Edition Peters: Piano, Pedagogy, Studies and the Influence of Carl Czerny

Guest post by Christian A. Pohl, Professor of Piano and Piano Methodology, Head of Piano Department, University of Music and Theatre ‘Felix Mendelssohn Bartholdy’ Leipzig 

The start of the nineteenth century saw a seismic shift in the world of domestic keyboard playing as the piano rapidly displaced the harpsichord and clavichord as the instrument of choice in homes across Europe. Seizing on this new opportunity, a series of piano instruction methods were swiftly published, followed by methods and studies over subsequent generations that covered the rudiments of piano playing, technique and performance practice. A huge number of these studies are represented in the Edition Peters Piano Catalogue.

Major names in the field of piano pedagogy were quickly established – including Beyer, Burgmüller, Hanon and Clementi – but it was one who followed behind them that arguably defined the shape of piano pedagogy for generations to come. Indeed, even today – nearly 200 years after this educational “meteorite” first struck the German-speaking piano world – the waves of his impact are still being felt. There is no getting around Carl Czerny when it comes to pianistic exercises or didactic approaches to building a virtuoso pianist.

Carl Czerny

Czerny’s lifetime was shaped by three phases or key words: Beethoven, pedagogy and composition. Beethoven had already established a considerable reputation in Vienna when, in 1800, a certain nine-year-old boy – Carl Czerny – made such an impression on the composer that he took him on as a pupil. This pupil became a colleague, and an apprentice relationship became a friendship, which – unusually for Beethoven – lasted right up to the composer’s death.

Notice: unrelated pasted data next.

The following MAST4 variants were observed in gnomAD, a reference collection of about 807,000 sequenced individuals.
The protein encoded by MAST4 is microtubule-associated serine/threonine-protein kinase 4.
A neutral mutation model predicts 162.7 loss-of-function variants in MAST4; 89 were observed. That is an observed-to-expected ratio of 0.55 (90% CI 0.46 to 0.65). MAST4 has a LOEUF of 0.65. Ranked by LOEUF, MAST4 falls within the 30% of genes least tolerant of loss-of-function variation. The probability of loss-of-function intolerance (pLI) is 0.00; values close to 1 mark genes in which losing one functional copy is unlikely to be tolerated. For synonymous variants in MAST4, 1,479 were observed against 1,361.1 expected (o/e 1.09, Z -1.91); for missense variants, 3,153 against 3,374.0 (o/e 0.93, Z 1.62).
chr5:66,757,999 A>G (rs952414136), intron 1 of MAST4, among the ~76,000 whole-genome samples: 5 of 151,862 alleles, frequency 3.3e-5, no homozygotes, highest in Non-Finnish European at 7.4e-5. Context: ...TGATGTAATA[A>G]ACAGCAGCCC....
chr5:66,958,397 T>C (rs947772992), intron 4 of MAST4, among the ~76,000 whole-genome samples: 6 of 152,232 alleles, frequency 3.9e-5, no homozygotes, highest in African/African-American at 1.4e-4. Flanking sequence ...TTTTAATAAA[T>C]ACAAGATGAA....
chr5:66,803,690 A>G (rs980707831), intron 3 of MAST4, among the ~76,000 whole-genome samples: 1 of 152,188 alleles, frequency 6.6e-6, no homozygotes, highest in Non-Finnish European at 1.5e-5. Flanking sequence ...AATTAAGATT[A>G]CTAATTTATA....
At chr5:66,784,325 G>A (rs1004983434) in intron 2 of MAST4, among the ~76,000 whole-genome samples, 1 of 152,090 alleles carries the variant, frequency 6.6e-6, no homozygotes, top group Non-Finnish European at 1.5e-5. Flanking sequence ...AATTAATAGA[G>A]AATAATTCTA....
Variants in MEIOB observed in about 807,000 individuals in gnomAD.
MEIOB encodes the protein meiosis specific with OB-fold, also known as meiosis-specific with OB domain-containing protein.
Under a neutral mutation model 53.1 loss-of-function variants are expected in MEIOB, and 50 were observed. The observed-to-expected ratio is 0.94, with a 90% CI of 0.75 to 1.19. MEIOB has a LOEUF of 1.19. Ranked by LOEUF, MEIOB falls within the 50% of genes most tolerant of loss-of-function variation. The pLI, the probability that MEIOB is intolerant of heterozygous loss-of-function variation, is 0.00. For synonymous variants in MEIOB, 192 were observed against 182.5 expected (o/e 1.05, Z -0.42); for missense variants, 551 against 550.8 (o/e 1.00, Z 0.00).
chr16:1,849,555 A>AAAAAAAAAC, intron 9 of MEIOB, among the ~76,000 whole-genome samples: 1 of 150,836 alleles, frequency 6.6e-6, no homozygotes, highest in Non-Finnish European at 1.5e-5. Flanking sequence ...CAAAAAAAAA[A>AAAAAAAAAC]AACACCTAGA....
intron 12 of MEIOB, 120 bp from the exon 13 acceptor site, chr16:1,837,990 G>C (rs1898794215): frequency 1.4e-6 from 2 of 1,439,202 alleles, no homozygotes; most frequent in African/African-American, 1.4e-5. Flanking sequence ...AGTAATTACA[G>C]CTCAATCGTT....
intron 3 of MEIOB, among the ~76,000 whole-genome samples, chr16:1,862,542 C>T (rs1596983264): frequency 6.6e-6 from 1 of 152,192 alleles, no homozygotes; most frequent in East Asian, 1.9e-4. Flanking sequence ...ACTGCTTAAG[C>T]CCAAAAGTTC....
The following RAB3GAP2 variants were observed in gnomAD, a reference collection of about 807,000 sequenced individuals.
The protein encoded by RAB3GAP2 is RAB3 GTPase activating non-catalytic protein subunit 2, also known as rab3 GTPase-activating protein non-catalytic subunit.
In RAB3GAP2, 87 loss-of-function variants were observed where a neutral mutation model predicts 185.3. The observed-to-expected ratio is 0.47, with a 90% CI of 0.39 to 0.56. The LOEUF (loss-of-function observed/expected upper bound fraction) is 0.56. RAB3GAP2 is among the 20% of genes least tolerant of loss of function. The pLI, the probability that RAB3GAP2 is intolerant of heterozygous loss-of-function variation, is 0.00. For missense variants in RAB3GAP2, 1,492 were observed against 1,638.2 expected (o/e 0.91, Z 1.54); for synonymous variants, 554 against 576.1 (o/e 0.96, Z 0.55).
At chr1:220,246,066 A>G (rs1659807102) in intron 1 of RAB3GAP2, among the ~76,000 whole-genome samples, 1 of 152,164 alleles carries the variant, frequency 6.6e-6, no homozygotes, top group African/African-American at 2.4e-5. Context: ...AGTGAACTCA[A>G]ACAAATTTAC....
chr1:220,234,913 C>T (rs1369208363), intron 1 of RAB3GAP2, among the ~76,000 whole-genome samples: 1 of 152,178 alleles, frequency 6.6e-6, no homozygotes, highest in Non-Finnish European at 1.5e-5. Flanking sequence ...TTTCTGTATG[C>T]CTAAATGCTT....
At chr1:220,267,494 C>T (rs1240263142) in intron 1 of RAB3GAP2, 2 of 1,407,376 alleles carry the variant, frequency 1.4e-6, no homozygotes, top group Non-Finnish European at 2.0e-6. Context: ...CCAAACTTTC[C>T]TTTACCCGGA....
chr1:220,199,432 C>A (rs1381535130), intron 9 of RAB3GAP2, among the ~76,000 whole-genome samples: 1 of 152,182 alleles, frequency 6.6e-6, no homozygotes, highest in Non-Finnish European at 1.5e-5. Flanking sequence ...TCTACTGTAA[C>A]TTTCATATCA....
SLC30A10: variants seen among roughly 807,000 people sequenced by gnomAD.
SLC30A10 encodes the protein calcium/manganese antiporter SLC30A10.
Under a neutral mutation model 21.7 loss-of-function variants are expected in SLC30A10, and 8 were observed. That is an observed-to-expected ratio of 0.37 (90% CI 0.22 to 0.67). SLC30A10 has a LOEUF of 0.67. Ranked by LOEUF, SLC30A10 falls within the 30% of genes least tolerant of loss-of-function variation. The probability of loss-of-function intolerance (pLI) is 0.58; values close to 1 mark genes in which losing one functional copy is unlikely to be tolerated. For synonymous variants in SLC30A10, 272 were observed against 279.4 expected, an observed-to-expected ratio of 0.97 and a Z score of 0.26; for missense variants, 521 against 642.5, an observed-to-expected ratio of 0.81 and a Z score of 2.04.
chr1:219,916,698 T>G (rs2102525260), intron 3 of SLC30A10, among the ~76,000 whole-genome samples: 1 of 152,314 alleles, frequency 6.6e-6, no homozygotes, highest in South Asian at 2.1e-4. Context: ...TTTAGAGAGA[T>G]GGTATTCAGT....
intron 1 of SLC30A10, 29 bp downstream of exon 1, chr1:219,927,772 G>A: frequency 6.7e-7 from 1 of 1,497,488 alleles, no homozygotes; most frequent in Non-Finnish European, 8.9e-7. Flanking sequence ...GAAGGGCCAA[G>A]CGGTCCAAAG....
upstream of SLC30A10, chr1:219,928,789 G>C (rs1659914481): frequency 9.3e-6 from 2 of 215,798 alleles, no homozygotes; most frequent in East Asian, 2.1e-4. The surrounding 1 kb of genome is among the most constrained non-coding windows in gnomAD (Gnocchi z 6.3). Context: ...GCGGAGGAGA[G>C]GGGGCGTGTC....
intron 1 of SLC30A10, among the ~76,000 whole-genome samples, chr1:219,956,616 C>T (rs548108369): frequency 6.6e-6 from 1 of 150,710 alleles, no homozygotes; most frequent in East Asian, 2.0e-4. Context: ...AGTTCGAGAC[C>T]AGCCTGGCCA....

It is hard to imagine what the encounter with Beethoven must have meant for the young musician: how the intensive, decades-long contact with one of the greatest geniuses in music history must have affected his own artistic formation. It can be assumed that Czerny not only played all of Beethoven’s works, but also to some extent contributed to their development with Beethoven. However, although he was extremely talented as a pianist and could have pursued a career as a virtuoso, the young Czerny decided, on the advice of his father, that he would instead pursue a career as a teacher.

The second phase of Czerny’s life was characterized by an almost inhuman teaching workload, where he taught 10-12 hours a day for more than 20 years. The fruits of this labor decisively shaped the pianistic development of all subsequent generations and continue to have a major influence on pianists today. Just as Johann Nikolaus Forkel attests in his Bach biography that the compositional mastery of the St. Matthew Passion could only be achieved amidst a backdrop of an enormous corpus of works, so, too, does this reasoning applies to Czerny. Thanks to his exceptional educational talent, Czerny produced a multitude of students, including Liszt, Kullak and Leschetizky, whose educational lines extend to the present day and are associated with legendary names such as Van Cliburn, Artur Schnabel and Leon Fleisher.  It is only when we understand what kind of influence Beethoven made on Czerny, and what educational impact Czerny then went on to achieve, that his piano pedagogical work can be properly assessed and adequately appreciated.

In the third and final phase of his life, from 1836 to his death, countless compositions and educational works were created, including Czerny’s iconic études. These works do not claim to be mentioned in the same breath as the musically outstanding études by Chopin or Liszt, since they are largely designed for a different pianistic level and with a focus on the training aspect. Yet they are so musically composed that they bring real pleasure both to listen to and to play.

Czerny’s études are an almost inexhaustible source of inspiration for pianists and piano teachers, isolating and condensing musical and technical skills into a series of attractive musical miniatures. For these, and for so much more, we remain evermore indebted to this pedagogical and musical giant.

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